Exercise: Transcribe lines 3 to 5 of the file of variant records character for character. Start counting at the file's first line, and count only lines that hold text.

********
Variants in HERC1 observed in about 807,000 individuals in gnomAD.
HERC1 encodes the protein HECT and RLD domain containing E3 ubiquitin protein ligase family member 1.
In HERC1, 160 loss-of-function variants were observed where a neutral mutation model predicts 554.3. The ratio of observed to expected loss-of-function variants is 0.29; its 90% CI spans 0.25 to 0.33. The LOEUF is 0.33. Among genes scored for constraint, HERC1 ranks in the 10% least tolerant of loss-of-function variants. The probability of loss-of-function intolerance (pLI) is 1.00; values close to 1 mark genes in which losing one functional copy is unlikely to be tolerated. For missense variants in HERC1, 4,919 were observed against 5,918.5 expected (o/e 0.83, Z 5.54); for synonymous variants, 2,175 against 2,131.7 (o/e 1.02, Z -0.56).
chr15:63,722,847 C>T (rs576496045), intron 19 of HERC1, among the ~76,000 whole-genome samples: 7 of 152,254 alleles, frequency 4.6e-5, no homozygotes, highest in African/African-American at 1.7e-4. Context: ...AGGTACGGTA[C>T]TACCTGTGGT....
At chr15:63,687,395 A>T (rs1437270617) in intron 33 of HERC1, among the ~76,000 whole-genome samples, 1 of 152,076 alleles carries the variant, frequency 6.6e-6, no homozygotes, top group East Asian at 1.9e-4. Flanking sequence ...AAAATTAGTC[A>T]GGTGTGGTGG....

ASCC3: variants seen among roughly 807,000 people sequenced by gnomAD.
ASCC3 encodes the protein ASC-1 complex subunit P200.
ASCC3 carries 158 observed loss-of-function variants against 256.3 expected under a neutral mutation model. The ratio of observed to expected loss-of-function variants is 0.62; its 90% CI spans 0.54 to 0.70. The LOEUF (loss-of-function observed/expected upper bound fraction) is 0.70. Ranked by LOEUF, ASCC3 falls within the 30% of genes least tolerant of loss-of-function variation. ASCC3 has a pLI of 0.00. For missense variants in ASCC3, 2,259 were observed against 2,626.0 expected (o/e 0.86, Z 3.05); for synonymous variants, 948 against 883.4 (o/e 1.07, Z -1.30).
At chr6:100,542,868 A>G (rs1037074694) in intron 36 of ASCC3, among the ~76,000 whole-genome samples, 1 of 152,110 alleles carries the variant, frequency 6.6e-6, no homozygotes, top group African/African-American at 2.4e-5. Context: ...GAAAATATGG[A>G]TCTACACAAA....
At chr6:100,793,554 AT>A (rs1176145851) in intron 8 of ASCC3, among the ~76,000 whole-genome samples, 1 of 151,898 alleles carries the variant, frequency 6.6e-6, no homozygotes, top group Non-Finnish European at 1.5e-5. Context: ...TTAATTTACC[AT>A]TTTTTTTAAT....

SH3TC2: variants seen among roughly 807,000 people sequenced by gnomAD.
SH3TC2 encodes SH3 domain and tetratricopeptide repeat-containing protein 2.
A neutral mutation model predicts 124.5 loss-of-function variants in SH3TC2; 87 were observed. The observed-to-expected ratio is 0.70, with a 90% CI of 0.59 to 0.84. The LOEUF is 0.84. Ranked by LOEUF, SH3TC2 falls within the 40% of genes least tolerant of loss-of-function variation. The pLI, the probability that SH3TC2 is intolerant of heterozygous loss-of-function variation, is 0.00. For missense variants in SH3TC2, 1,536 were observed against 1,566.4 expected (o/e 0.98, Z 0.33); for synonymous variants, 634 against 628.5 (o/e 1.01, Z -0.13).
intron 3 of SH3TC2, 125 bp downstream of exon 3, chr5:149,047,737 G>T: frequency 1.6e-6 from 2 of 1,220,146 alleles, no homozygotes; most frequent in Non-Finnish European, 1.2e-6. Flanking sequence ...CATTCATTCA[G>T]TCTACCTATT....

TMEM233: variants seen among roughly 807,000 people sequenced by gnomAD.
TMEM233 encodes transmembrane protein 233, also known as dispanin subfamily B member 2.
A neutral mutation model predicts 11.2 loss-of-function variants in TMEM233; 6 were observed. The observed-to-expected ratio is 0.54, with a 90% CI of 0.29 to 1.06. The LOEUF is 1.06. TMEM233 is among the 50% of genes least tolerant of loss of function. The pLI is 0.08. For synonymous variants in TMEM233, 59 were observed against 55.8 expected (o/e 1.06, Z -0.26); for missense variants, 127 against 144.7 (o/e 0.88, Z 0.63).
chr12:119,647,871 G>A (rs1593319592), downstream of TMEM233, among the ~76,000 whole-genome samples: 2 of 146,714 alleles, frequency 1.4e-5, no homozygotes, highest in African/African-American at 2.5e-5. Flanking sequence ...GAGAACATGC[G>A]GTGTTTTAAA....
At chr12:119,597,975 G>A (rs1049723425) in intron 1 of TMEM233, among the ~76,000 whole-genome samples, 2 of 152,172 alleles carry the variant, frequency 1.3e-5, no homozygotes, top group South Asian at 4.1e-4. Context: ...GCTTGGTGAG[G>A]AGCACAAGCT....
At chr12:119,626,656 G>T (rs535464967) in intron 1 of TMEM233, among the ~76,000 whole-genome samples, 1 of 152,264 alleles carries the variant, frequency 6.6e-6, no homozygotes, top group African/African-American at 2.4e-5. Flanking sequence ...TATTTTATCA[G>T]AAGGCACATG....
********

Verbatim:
In HERC1, 160 loss-of-function variants were observed where a neutral mutation model predicts 554.3. The ratio of observed to expected loss-of-function variants is 0.29; its 90% CI spans 0.25 to 0.33. The LOEUF is 0.33. Among genes scored for constraint, HERC1 ranks in the 10% least tolerant of loss-of-function variants. The probability of loss-of-function intolerance (pLI) is 1.00; values close to 1 mark genes in which losing one functional copy is unlikely to be tolerated. For missense variants in HERC1, 4,919 were observed against 5,918.5 expected (o/e 0.83, Z 5.54); for synonymous variants, 2,175 against 2,131.7 (o/e 1.02, Z -0.56).
chr15:63,722,847 C>T (rs576496045), intron 19 of HERC1, among the ~76,000 whole-genome samples: 7 of 152,254 alleles, frequency 4.6e-5, no homozygotes, highest in African/African-American at 1.7e-4. Context: ...AGGTACGGTA[C>T]TACCTGTGGT....
At chr15:63,687,395 A>T (rs1437270617) in intron 33 of HERC1, among the ~76,000 whole-genome samples, 1 of 152,076 alleles carries the variant, frequency 6.6e-6, no homozygotes, top group East Asian at 1.9e-4. Flanking sequence ...AAAATTAGTC[A>T]GGTGTGGTGG....